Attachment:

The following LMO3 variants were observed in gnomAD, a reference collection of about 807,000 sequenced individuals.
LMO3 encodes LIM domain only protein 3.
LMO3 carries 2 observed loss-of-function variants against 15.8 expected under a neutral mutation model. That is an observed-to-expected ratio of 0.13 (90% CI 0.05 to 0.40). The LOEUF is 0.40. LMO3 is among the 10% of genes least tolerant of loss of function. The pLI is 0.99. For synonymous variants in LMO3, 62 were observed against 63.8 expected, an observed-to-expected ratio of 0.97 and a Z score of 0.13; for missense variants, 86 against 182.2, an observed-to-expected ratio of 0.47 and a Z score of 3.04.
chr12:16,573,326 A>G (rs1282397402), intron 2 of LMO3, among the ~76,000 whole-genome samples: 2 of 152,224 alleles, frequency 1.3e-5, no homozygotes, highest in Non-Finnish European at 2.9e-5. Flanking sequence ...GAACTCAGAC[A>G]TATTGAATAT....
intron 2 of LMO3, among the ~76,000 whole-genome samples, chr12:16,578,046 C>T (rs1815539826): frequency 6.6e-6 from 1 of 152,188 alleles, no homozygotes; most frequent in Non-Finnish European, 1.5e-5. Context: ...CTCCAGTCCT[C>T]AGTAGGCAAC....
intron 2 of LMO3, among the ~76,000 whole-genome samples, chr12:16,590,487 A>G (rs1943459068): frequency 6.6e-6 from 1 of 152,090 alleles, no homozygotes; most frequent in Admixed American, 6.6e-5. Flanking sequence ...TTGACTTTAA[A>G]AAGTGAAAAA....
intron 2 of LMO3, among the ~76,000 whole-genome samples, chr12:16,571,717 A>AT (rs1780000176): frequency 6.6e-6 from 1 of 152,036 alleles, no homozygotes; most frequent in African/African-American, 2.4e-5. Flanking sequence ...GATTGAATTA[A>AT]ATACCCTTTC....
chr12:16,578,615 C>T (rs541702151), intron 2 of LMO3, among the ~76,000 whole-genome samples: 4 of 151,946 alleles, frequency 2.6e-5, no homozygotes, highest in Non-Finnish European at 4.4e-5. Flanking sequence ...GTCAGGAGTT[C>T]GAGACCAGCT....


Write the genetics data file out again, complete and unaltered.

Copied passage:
The following LMO3 variants were observed in gnomAD, a reference collection of about 807,000 sequenced individuals.
LMO3 encodes LIM domain only protein 3.
LMO3 carries 2 observed loss-of-function variants against 15.8 expected under a neutral mutation model. That is an observed-to-expected ratio of 0.13 (90% CI 0.05 to 0.40). The LOEUF is 0.40. LMO3 is among the 10% of genes least tolerant of loss of function. The pLI is 0.99. For synonymous variants in LMO3, 62 were observed against 63.8 expected, an observed-to-expected ratio of 0.97 and a Z score of 0.13; for missense variants, 86 against 182.2, an observed-to-expected ratio of 0.47 and a Z score of 3.04.
chr12:16,573,326 A>G (rs1282397402), intron 2 of LMO3, among the ~76,000 whole-genome samples: 2 of 152,224 alleles, frequency 1.3e-5, no homozygotes, highest in Non-Finnish European at 2.9e-5. Flanking sequence ...GAACTCAGAC[A>G]TATTGAATAT....
intron 2 of LMO3, among the ~76,000 whole-genome samples, chr12:16,578,046 C>T (rs1815539826): frequency 6.6e-6 from 1 of 152,188 alleles, no homozygotes; most frequent in Non-Finnish European, 1.5e-5. Context: ...CTCCAGTCCT[C>T]AGTAGGCAAC....
intron 2 of LMO3, among the ~76,000 whole-genome samples, chr12:16,590,487 A>G (rs1943459068): frequency 6.6e-6 from 1 of 152,090 alleles, no homozygotes; most frequent in Admixed American, 6.6e-5. Flanking sequence ...TTGACTTTAA[A>G]AAGTGAAAAA....
intron 2 of LMO3, among the ~76,000 whole-genome samples, chr12:16,571,717 A>AT (rs1780000176): frequency 6.6e-6 from 1 of 152,036 alleles, no homozygotes; most frequent in African/African-American, 2.4e-5. Flanking sequence ...GATTGAATTA[A>AT]ATACCCTTTC....
chr12:16,578,615 C>T (rs541702151), intron 2 of LMO3, among the ~76,000 whole-genome samples: 4 of 151,946 alleles, frequency 2.6e-5, no homozygotes, highest in Non-Finnish European at 4.4e-5. Flanking sequence ...GTCAGGAGTT[C>T]GAGACCAGCT....